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Pierre Poilievre, then running for leadership of the Conservative Party, next to Jean Charest during a debate at the Canada Strong and Free Network conference on May 5, 2022, in Ottawa.Adrian Wyld/The Canadian Press

Pierre Poilievre should be offering Canadians more specifics on how he would deal with policy challenges facing the country, says a key rival from the leadership race Mr. Poilievre won last fall to become federal Conservative Leader.

Former Quebec premier Jean Charest, who came second in the race, said in a Thursday interview that he is steering clear of elected politics since returning to work at the Montreal office of the national law firm McCarthy Tétrault LLP.

However, Mr. Charest did cite one challenge he sees for the Leader of the Official Opposition.

“Mr. Poilievre, like every opposition leader, is going to have to offer policy prescriptions,” said Mr. Charest, adding it’s one thing to criticize the government, but there’s also a need to outline positions on the key issues Canadians care about.

The federal cabinet minister under Progressive Conservative prime ministers Brian Mulroney and Kim Campbell was last in the spotlight as the combative race to lead the federal Conservatives ended at Ottawa’s convention centre last September.

Mr. Poilievre, an Ottawa-area MP and cabinet minister under Conservative prime minister Stephen Harper, scored an overwhelming victory, with 68.15 per cent of the vote compared with 16 per cent for Mr. Charest. There were five candidates at the finish line.

“The outcome wasn’t what I wanted, but we ran a good race. We were facing an adversary who had been preparing for a very long time, who operated in a world that wasn’t the one I was in,” said Mr. Charest, who added that he had no regrets and no interest in returning to elected politics.

After the race, Mr. Charest said long-COVID forced him to lay low until Christmas. “I wasn’t in great shape,” he recalled. Now he is back at work, and travelling widely in Asia, and elsewhere.

On Thursday night, he was to be honoured in New York City with a medal by the venerable, century-old Foreign Policy Association, an organization that advocates for the discussion of foreign policy. “Jean Charest is one of Canada’s best known political figures,” said a note for the evening program.

He provided a copy of his speech, in advance, to The Globe and Mail, and was set to make a number of points, including the observation that the United States is not only Canada’s neighbour, friend and ally, but a superpower with a single-minded approach to its interests.

That self-interest, he says in the prepared text, can lead to “unintended collateral damage” for Canada, such as the Buy American provisions that limited the ability of Canadian companies to bid for U.S. government contracts.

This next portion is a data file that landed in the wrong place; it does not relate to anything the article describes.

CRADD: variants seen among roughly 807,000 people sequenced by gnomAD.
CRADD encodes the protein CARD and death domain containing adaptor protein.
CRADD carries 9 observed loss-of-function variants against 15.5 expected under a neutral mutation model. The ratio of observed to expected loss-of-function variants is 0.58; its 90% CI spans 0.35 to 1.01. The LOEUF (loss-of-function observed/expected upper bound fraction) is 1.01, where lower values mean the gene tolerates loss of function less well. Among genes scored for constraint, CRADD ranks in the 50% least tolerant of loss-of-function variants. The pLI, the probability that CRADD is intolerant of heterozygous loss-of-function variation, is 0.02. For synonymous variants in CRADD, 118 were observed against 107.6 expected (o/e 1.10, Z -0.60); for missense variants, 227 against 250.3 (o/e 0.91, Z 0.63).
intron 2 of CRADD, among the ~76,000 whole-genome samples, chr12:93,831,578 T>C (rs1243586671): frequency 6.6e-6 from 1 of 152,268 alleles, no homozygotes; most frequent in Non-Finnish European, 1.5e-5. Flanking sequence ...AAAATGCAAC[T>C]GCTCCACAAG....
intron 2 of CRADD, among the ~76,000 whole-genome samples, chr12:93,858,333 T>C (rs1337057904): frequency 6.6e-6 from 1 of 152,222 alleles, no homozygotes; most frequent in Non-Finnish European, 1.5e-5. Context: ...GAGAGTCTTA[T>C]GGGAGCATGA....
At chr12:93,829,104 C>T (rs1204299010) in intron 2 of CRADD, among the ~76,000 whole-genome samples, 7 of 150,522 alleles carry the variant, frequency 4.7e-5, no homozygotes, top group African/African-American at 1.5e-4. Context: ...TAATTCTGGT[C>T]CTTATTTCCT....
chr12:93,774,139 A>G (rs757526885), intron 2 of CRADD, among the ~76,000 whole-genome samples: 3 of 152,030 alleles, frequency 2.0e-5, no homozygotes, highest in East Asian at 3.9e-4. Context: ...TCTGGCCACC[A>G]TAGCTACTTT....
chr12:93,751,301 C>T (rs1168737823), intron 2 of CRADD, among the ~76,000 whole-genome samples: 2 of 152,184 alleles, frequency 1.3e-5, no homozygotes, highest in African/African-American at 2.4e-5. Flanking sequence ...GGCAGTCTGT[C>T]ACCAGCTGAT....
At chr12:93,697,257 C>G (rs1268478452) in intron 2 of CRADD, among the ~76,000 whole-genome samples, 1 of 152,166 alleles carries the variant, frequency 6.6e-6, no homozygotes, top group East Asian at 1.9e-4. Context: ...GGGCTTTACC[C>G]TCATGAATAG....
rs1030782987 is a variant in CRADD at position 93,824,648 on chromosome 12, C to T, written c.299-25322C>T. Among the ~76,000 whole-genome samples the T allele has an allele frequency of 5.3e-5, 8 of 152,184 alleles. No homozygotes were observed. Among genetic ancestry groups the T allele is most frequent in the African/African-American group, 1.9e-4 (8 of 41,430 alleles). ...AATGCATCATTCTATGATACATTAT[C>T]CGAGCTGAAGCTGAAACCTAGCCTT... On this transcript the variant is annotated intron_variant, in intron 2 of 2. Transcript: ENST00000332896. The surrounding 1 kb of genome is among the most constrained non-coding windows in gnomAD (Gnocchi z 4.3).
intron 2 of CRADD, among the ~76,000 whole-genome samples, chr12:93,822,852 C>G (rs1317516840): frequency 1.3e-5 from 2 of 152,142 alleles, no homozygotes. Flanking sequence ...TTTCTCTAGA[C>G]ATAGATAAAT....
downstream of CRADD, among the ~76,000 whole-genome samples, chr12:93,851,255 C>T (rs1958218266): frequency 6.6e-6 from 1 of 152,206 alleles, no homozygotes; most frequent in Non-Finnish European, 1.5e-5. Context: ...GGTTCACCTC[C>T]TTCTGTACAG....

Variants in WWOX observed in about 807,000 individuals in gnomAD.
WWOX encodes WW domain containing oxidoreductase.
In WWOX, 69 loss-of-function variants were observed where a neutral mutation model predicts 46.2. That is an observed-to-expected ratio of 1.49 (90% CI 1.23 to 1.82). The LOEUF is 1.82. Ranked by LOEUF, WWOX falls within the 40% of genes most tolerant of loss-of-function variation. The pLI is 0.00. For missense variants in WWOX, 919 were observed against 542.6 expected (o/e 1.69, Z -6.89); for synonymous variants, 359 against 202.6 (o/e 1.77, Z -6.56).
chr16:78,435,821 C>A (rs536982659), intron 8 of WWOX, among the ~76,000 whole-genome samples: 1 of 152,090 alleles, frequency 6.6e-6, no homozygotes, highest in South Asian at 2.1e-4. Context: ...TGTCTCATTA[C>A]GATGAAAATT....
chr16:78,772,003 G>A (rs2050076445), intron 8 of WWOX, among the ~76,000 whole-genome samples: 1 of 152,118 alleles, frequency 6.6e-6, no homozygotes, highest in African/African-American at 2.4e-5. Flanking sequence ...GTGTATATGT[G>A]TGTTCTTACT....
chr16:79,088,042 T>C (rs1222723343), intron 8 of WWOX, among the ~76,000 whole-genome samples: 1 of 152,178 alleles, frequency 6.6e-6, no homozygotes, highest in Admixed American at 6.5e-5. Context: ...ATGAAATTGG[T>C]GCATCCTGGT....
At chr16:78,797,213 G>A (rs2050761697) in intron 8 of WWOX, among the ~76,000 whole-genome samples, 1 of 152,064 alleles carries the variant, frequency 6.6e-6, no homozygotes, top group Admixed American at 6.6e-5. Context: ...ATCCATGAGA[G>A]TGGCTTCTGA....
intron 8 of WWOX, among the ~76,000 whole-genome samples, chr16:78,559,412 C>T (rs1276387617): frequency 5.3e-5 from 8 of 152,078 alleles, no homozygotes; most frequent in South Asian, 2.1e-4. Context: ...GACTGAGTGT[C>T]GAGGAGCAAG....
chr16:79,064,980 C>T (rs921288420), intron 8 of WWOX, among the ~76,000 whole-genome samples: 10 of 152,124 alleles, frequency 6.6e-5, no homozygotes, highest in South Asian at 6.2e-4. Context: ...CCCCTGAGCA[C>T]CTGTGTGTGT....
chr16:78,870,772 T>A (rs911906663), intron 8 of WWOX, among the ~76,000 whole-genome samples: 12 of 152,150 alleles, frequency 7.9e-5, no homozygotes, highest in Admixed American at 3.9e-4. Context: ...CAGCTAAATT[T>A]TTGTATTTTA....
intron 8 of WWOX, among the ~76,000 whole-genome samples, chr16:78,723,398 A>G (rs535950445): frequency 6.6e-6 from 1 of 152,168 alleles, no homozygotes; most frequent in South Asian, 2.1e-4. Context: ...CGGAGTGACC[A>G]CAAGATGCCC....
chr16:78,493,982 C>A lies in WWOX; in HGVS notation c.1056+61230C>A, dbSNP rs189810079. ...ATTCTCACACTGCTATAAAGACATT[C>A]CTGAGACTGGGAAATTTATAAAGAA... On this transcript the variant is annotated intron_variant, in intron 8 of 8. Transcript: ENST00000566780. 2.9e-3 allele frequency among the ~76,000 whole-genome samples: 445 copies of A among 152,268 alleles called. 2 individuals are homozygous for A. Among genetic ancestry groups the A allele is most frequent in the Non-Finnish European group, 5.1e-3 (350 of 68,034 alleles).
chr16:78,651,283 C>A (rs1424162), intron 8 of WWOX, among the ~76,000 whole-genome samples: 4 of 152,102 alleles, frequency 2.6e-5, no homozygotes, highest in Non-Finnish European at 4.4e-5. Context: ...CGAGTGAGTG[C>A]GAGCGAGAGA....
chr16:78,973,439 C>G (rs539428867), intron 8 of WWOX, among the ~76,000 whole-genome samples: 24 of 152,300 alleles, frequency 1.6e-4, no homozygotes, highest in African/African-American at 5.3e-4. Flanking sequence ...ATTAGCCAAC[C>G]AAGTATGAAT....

He was also scheduled to urge Canada and the U.S. to work more urgently together on Arctic sovereignty that would include building a minimum of two military bases in response to Russia and China’s interest in the region.

Mr. Charest called for Canada and the U.S. to each appoint special envoys on the Arctic to work together on the file.

He acknowledged that many Canadians may be oblivious to the subject. “This is why we elect governments so that they anticipate and pay attention to issues that may not resonate in the lives of Canadians today, but may be very important for them in the next few years,” he said.

The speech does not say anything about China’s role in election interference in Canada. The speech does make reference to China’s interest in the Arctic. During the leadership race, Mr. Charest faced questions on his role as a consultant to Huawei Technologies Co. Ltd. in the Meng Wanzhou extradition case and the tech giant’s efforts to participate in Canada’s 5G wireless networks.

He has recently been in Singapore and Jakarta as part of travels that have helped inform his views about Chinese-Canadian relations.

Mr. Charest said the Indo-Pacific strategy unveiled by the federal government is playing very well in Asia, but people in the private sector say Canada needs a stronger presence in the region.

Canada can work with China, he said, citing the United Nations biodiversity summit last year that was chaired by China and held in Montreal

Still, he said, Canada can learn from Australia’s approach, which has included a registry for people lobbying on behalf of other countries to register with the government, and rallying police and security agencies in a task force to deal with foreign interference.

He urged the government and opposition to agree on a process to investigate allegations of election interference, while broadening the discussion to focus on Russia and any other involved country.

Mr. Poilievre’s office did not respond to a request for comment.